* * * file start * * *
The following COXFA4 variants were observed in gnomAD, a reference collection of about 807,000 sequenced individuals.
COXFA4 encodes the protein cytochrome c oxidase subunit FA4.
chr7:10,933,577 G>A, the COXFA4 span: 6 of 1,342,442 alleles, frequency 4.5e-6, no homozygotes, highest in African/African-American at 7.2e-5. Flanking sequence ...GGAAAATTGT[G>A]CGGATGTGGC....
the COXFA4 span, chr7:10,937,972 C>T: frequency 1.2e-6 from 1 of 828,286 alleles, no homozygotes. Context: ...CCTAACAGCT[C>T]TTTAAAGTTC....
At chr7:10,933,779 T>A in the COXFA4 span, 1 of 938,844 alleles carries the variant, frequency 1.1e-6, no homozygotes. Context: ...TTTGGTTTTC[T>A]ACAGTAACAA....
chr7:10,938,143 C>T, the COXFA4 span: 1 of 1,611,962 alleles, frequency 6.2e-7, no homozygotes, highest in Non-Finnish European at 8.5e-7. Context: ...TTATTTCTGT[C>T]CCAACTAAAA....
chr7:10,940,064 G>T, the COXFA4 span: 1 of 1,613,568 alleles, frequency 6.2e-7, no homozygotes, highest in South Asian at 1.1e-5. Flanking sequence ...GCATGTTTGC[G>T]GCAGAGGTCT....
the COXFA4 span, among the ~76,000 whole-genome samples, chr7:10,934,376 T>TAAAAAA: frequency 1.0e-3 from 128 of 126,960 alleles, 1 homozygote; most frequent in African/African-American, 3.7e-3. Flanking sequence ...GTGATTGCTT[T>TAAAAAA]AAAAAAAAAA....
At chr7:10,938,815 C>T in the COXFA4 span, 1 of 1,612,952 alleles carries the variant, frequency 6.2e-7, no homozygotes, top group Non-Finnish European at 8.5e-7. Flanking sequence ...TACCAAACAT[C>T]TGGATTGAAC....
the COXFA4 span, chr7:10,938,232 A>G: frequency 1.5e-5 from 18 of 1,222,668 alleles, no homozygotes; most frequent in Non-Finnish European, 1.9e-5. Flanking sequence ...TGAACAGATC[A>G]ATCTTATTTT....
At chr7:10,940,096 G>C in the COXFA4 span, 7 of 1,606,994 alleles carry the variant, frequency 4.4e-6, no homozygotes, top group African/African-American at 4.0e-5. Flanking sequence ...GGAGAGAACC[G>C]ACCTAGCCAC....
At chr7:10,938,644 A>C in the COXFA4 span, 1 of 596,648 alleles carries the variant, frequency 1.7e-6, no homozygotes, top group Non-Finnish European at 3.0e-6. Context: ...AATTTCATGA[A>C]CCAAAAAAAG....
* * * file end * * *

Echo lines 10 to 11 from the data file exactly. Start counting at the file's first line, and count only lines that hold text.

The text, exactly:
the COXFA4 span, chr7:10,938,232 A>G: frequency 1.5e-5 from 18 of 1,222,668 alleles, no homozygotes; most frequent in Non-Finnish European, 1.9e-5. Flanking sequence ...TGAACAGATC[A>G]ATCTTATTTT....
At chr7:10,940,096 G>C in the COXFA4 span, 7 of 1,606,994 alleles carry the variant, frequency 4.4e-6, no homozygotes, top group African/African-American at 4.0e-5. Flanking sequence ...GGAGAGAACC[G>C]ACCTAGCCAC....